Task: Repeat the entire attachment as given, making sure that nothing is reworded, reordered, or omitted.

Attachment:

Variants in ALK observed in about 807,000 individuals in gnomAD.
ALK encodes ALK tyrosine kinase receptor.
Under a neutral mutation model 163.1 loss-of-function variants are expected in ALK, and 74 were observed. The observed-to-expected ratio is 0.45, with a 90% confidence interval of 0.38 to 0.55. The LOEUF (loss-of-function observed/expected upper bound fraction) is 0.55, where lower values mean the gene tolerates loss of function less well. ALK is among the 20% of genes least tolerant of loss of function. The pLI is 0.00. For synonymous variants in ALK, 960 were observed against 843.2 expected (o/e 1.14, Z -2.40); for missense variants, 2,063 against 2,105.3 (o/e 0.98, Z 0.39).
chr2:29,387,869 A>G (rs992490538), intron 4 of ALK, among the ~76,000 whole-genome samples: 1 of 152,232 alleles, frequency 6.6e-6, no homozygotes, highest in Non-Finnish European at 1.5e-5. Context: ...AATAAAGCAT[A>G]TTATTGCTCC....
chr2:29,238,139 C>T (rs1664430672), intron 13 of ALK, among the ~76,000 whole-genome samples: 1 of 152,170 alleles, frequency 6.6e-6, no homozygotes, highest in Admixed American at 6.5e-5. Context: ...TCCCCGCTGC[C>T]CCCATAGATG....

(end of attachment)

Variants in ALK observed in about 807,000 individuals in gnomAD.
ALK encodes ALK tyrosine kinase receptor.
Under a neutral mutation model 163.1 loss-of-function variants are expected in ALK, and 74 were observed. The observed-to-expected ratio is 0.45, with a 90% confidence interval of 0.38 to 0.55. The LOEUF (loss-of-function observed/expected upper bound fraction) is 0.55, where lower values mean the gene tolerates loss of function less well. ALK is among the 20% of genes least tolerant of loss of function. The pLI is 0.00. For synonymous variants in ALK, 960 were observed against 843.2 expected (o/e 1.14, Z -2.40); for missense variants, 2,063 against 2,105.3 (o/e 0.98, Z 0.39).
chr2:29,387,869 A>G (rs992490538), intron 4 of ALK, among the ~76,000 whole-genome samples: 1 of 152,232 alleles, frequency 6.6e-6, no homozygotes, highest in Non-Finnish European at 1.5e-5. Context: ...AATAAAGCAT[A>G]TTATTGCTCC....
chr2:29,238,139 C>T (rs1664430672), intron 13 of ALK, among the ~76,000 whole-genome samples: 1 of 152,170 alleles, frequency 6.6e-6, no homozygotes, highest in Admixed American at 6.5e-5. Context: ...TCCCCGCTGC[C>T]CCCATAGATG....